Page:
Plans for Major League Soccer
Since its founding in 2012, Sacramento Republic FC aspired to become a part of Major League Soccer (MLS), reportedly making plans to join even before Republic FC saw their first opponent on the soccer field. Now, there is growing momentum around the prospect, bringing the newest MLS expansion team right here to Sacramento.
Local die-hard fans of the game, along with local politicians, are making the case for big-league soccer in Sacramento. Sacramento originally approved the construction of a 20,000 seat stadium project in November of 2016.
Republic FC officials first submitted bids to MLS in 2017. Initially, according to Mayor Steinberg and the City, the proposal faced light resistance from MLS over the desire for more private investor involvement. In a 2017 update on the project, Sacramento Kings minority owner and Republic FC investor, Kevin Nagle, made a declaration on the team’s website. “One area [of the bid] remains open to improvement: the strength of our funding plan.” Nagle stated that costs, including fees and plan costs, would rise by $150 Million, years after stadium investors formed in 2014. Strengthening the plan required the addition of a “New Major Investor” as well as more partners. Enter billionaire, Ron Burkle. Earlier this year, Burkle announced the purchase of controlling interest in Republic FC. He also announced a stadium site, which would be located between 8th and 10th streets and adjacent land.
For his part, Councilmember Jeff Harris, whose district is slated for the stadium project, praised the terms.
Because the project includes acreage that could be developed around the stadium, there would be widespread impact for nearby residents and businesses. Also, with high and fast-rising rents, a homelessness crisis, and strained city finances, the project is not without some controversy.
However, recently, action by City of Sacramento officials, coupled with private sector investors and land developers, pointed at increased intensity for the project. Just a few weeks ago, Sacramento advanced a preliminary term sheet, with official bids submitted by the City shortly thereafter. As part of the terms, Sacramento would allocate $33 Million in fee waivers, cost reductions, and tax refunds and rebates to the overall $252 Million project. According to City officials, Sacramento’s contribution would focus on developing infrastructure in and around the development area. The development plans include areas in and around the Sacramento Railyards and also areas north of the River District. By some accounts, the stadium project represents long overdue development to downtown Sacramento’s eastern region.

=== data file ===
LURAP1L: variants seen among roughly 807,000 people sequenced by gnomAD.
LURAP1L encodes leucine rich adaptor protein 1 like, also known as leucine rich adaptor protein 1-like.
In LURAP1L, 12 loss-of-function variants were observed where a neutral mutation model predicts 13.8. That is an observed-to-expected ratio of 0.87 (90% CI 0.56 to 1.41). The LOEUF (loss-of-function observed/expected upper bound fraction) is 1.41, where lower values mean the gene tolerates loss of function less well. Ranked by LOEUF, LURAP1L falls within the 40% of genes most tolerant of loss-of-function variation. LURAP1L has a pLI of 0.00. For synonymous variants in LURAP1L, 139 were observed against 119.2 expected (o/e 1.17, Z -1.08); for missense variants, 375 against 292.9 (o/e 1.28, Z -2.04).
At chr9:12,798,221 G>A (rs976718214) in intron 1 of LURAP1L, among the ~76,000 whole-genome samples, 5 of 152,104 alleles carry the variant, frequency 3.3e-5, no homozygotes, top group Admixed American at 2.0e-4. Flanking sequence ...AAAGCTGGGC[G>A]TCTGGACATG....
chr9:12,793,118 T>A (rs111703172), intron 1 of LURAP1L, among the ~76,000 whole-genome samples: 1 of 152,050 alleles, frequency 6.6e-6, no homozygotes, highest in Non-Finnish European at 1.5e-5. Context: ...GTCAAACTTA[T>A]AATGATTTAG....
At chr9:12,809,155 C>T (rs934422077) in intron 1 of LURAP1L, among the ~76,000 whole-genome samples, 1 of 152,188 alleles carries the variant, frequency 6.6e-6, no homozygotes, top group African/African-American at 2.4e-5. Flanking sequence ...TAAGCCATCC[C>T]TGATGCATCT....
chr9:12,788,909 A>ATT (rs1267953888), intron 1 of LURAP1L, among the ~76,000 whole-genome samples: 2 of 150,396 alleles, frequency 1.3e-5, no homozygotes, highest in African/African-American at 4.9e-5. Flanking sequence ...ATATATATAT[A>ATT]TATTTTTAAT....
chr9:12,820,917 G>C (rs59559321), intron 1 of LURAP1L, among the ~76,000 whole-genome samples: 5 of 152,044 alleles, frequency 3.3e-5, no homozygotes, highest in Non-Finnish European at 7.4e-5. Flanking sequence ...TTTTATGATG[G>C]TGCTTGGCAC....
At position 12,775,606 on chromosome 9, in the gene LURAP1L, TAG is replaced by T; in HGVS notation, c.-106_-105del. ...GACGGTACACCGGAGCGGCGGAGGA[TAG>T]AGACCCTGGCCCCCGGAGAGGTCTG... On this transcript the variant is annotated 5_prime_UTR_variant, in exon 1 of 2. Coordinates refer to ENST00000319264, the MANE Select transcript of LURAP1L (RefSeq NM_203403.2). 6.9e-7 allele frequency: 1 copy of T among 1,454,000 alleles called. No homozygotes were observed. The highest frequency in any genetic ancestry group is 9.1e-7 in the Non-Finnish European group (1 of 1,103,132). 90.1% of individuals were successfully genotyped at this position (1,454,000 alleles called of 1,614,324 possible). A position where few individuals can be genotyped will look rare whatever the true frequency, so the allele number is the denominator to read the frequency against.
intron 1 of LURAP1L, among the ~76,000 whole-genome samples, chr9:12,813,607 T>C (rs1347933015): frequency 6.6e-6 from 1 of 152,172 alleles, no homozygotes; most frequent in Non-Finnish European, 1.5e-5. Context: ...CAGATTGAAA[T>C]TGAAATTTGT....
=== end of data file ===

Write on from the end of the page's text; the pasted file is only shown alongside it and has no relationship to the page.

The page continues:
In early April, Sacramento City Council adopted a resolution approving the term sheet for the stadium project on a 7 – 0 vote. The sheet from the staff report spelled out “key terms, process, and framework by which the parties agree to negotiate.” The key terms summarized include:
- Stadium Development
- A Non-Relocation Agreement
- An Enhanced Infrastructure Financing District (EIFD)
- Reimbursement of Municipal Services
- A Digital Signage Plan
- A Team Training Complex and Youth Academy
- Community Benefit Programs
- Public Sector Tickets
The same staff report estimated the creation of ” between 1,310 and 2,639 jobs.” In addition, the City estimated $214 million in local economic output over the life of the construction period. According to plans, the actual stadium site sits on 14 acres. However, private investors expect to purchase an additional 17 acres of land to be commercially developed around the stadium. City officials say, when pooled together, stadium and so-called “ancillary” development could reap over $1B in capital investments.
Coinciding with recent City action on the new MLS stadium is the advancement of the Old Sacramento Waterfront development project. Another large scale, multi-million dollar investment into Sacramento’s downtown.
Movement on the development of what some City officials call the largest infill site in the nation also followed reports that President Trump and lawmakers recently agreed on a $2 Trillion national infrastructure plan. No telling yet whether or not those funds could make their way to the Sacramento region.
Furthermore, during the April 9th Council meeting, members expressed a desire to see strong local hiring and business involvement. When pressed on the matter, City officials said any hiring goals would be determined by the general contractor assigned to the project. Local hiring and business involvement came under a microscope as the city continues to grapple with growth and how it could provide benefits for African-American and other disadvantaged communities. More information on these efforts can be found under Community Benefits within the summary of the terms.
The Waiting Process
John Dangberg, Special Economic Development Advisor to the City Manager was one of the presenters of some of the key terms at the April Council meeting. The council submitted the terms to MLS for review. ‘That’s a unanimous vote. Send!” said Steinberg over cheers from the uniformly supportive attendees, as measured by public comments.
A decision by MLS is expected this summer. Also vying to be the next MLS franchise is St. Louis.
To note, the terms don’t go into effect unless Sacramento is selected for the new MLS franchise.